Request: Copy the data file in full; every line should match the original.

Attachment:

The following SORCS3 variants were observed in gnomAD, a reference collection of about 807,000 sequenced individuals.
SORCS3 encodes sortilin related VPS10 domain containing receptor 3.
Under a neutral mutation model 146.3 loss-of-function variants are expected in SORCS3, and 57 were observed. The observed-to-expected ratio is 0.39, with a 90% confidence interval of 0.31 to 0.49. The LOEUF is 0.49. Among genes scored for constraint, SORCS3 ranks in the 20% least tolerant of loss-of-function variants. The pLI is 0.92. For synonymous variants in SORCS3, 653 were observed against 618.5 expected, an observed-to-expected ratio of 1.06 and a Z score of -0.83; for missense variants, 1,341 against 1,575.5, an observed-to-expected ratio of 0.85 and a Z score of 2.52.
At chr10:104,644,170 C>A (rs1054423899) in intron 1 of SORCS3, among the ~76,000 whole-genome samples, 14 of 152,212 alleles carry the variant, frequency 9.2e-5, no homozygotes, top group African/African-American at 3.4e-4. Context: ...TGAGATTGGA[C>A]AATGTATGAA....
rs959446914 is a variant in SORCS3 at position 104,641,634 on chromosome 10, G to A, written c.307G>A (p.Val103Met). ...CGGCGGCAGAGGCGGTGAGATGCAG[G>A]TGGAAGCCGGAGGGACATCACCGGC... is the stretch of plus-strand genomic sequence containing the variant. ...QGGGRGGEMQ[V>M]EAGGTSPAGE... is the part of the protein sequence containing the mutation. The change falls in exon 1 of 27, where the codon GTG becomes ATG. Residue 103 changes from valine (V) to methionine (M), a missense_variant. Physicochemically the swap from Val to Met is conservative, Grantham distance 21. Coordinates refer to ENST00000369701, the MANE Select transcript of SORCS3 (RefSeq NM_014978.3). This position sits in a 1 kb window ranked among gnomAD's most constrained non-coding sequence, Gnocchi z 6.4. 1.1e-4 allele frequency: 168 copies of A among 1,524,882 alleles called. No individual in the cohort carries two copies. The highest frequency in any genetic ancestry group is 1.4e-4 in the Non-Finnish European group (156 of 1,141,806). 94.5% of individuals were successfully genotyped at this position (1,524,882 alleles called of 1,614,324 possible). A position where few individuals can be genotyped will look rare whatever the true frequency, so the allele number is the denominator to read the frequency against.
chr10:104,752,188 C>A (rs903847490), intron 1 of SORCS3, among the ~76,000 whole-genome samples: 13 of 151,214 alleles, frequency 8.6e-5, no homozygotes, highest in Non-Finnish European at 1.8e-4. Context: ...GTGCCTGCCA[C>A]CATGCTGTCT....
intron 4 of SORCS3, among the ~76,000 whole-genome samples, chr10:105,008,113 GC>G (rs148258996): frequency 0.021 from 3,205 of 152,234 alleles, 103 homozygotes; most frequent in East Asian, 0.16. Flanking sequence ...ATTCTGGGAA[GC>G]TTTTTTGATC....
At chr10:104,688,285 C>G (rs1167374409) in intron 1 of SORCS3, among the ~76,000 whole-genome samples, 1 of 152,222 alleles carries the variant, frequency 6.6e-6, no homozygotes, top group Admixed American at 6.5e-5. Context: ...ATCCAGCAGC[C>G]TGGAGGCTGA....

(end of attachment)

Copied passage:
The following SORCS3 variants were observed in gnomAD, a reference collection of about 807,000 sequenced individuals.
SORCS3 encodes sortilin related VPS10 domain containing receptor 3.
Under a neutral mutation model 146.3 loss-of-function variants are expected in SORCS3, and 57 were observed. The observed-to-expected ratio is 0.39, with a 90% confidence interval of 0.31 to 0.49. The LOEUF is 0.49. Among genes scored for constraint, SORCS3 ranks in the 20% least tolerant of loss-of-function variants. The pLI is 0.92. For synonymous variants in SORCS3, 653 were observed against 618.5 expected, an observed-to-expected ratio of 1.06 and a Z score of -0.83; for missense variants, 1,341 against 1,575.5, an observed-to-expected ratio of 0.85 and a Z score of 2.52.
At chr10:104,644,170 C>A (rs1054423899) in intron 1 of SORCS3, among the ~76,000 whole-genome samples, 14 of 152,212 alleles carry the variant, frequency 9.2e-5, no homozygotes, top group African/African-American at 3.4e-4. Context: ...TGAGATTGGA[C>A]AATGTATGAA....
rs959446914 is a variant in SORCS3 at position 104,641,634 on chromosome 10, G to A, written c.307G>A (p.Val103Met). ...CGGCGGCAGAGGCGGTGAGATGCAG[G>A]TGGAAGCCGGAGGGACATCACCGGC... is the stretch of plus-strand genomic sequence containing the variant. ...QGGGRGGEMQ[V>M]EAGGTSPAGE... is the part of the protein sequence containing the mutation. The change falls in exon 1 of 27, where the codon GTG becomes ATG. Residue 103 changes from valine (V) to methionine (M), a missense_variant. Physicochemically the swap from Val to Met is conservative, Grantham distance 21. Coordinates refer to ENST00000369701, the MANE Select transcript of SORCS3 (RefSeq NM_014978.3). This position sits in a 1 kb window ranked among gnomAD's most constrained non-coding sequence, Gnocchi z 6.4. 1.1e-4 allele frequency: 168 copies of A among 1,524,882 alleles called. No individual in the cohort carries two copies. The highest frequency in any genetic ancestry group is 1.4e-4 in the Non-Finnish European group (156 of 1,141,806). 94.5% of individuals were successfully genotyped at this position (1,524,882 alleles called of 1,614,324 possible). A position where few individuals can be genotyped will look rare whatever the true frequency, so the allele number is the denominator to read the frequency against.
chr10:104,752,188 C>A (rs903847490), intron 1 of SORCS3, among the ~76,000 whole-genome samples: 13 of 151,214 alleles, frequency 8.6e-5, no homozygotes, highest in Non-Finnish European at 1.8e-4. Context: ...GTGCCTGCCA[C>A]CATGCTGTCT....
intron 4 of SORCS3, among the ~76,000 whole-genome samples, chr10:105,008,113 GC>G (rs148258996): frequency 0.021 from 3,205 of 152,234 alleles, 103 homozygotes; most frequent in East Asian, 0.16. Flanking sequence ...ATTCTGGGAA[GC>G]TTTTTTGATC....
At chr10:104,688,285 C>G (rs1167374409) in intron 1 of SORCS3, among the ~76,000 whole-genome samples, 1 of 152,222 alleles carries the variant, frequency 6.6e-6, no homozygotes, top group Admixed American at 6.5e-5. Context: ...ATCCAGCAGC[C>G]TGGAGGCTGA....